Hong Kong has the least affordable housing of 87 major global cities, with prices a record 19 times average pre-tax household income, a new survey said.
Housing in the southern Chinese city is classified as "severely unaffordable" by the report from think tank Demographia.
The rating was the least affordable ever recorded in the 12-year history of the organisation's international housing affordability survey, the report said.
Buoyed by increasing demand, wealthy mainland Chinese investors and US monetary policy -- which has fuelled a borrowing spree thanks to low interest rates -- Hong Kong has become one of the world's least affordable places for home ownership.
A 40-square metre (430-square foot) flat would be expected to set a buyer back more than US$750,000, according to data from the Hong Kong Property Review.
However, analysts have predicted the city's property bubble will burst as US interest rates rise -- the Hong Kong dollar is pegged to the US dollar and interest rates in the city will reflect US rates.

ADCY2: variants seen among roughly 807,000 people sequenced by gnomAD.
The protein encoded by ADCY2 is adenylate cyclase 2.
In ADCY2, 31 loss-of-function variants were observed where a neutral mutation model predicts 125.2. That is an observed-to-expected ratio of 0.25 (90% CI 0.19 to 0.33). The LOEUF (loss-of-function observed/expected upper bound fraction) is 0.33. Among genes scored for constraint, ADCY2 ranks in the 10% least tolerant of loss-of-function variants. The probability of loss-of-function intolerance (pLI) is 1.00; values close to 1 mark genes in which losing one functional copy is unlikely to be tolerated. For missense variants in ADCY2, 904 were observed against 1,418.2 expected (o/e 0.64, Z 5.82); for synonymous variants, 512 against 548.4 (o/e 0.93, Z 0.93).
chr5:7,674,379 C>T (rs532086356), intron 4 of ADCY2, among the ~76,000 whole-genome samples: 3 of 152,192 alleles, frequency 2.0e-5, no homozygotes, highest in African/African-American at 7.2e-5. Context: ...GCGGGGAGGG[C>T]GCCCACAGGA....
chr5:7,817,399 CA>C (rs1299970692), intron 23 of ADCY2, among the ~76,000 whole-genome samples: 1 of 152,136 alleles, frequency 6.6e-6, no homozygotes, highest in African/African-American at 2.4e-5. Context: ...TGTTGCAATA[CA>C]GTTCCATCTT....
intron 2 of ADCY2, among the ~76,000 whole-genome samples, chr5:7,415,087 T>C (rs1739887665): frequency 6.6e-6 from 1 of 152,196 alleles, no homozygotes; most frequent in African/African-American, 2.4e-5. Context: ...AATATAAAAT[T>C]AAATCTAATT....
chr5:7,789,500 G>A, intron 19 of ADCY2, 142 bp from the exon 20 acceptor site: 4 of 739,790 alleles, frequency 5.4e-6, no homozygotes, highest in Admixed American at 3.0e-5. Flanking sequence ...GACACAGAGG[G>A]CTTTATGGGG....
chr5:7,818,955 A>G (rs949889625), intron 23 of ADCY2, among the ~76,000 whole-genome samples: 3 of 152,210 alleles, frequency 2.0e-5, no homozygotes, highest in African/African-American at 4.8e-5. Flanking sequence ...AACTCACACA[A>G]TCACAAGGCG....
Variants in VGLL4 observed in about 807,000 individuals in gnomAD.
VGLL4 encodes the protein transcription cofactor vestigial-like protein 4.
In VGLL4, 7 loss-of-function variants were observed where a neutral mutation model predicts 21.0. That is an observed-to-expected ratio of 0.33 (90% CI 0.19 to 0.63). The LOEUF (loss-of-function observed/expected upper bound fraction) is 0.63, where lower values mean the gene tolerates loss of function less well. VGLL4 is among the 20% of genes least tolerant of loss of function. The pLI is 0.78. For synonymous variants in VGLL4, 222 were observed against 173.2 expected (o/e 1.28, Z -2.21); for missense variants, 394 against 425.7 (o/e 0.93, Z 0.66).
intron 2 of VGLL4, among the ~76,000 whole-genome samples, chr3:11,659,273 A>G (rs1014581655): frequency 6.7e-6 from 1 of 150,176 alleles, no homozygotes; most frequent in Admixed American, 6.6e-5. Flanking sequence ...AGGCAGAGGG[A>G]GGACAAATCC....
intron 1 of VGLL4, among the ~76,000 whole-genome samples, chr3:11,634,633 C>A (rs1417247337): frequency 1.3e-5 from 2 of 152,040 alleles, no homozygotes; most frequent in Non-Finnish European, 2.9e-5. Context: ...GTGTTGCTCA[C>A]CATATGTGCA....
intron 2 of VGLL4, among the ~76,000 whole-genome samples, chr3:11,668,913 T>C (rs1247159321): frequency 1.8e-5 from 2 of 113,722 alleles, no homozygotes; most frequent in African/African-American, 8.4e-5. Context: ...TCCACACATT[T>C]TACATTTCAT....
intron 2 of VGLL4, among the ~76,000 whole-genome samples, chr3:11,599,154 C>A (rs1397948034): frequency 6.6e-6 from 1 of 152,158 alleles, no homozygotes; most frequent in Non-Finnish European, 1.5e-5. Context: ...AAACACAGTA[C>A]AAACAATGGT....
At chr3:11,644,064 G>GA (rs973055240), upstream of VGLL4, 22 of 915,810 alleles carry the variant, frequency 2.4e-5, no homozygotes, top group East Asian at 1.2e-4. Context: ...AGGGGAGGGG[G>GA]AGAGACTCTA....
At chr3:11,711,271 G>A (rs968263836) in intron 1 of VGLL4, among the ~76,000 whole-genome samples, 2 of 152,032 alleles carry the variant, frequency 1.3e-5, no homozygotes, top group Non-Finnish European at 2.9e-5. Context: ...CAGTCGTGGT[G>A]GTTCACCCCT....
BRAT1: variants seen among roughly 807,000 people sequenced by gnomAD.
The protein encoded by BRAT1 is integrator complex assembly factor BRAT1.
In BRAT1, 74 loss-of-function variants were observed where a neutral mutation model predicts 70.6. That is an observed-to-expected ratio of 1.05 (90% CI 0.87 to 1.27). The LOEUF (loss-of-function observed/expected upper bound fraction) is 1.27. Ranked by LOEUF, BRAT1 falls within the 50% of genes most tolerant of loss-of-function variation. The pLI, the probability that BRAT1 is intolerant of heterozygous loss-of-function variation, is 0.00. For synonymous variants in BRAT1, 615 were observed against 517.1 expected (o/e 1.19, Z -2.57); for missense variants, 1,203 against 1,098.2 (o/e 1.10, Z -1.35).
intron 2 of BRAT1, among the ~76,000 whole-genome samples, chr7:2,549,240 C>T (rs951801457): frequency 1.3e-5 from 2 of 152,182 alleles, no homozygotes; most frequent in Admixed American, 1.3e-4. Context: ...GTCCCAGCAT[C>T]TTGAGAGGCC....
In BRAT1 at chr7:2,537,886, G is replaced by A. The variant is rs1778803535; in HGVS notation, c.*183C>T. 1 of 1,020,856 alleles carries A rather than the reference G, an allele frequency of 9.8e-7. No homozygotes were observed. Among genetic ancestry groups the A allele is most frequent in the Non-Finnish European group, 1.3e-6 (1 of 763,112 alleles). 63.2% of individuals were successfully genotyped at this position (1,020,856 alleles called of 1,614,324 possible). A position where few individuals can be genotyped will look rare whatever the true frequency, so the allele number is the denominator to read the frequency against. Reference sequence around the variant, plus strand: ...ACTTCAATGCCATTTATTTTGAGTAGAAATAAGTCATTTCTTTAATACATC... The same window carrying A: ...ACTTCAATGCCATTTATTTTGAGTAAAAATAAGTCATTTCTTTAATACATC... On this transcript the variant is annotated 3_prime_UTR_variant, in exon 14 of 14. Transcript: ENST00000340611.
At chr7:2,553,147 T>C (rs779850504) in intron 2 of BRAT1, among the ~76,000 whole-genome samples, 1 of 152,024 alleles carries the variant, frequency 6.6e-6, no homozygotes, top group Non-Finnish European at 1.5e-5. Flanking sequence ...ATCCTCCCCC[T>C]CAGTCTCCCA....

The city's government has also pledged to boost housing supply to meet demand, further prompting predictions for prices to fall.
In the Demographia survey, Sydney ranked as the second least affordable city with Vancouver third.
The survey covered cities in Australia, Canada, Hong Kong, Ireland, Japan, New Zealand, Singapore, Britain and the US.
"Virtually all of the geographies covered in the survey are facing more uncertain economic futures than in the past," the report said.
"Younger people and lower income people tend to be at greater risk. In this environment, a better standard of living for all should be a principal policy priority," it added.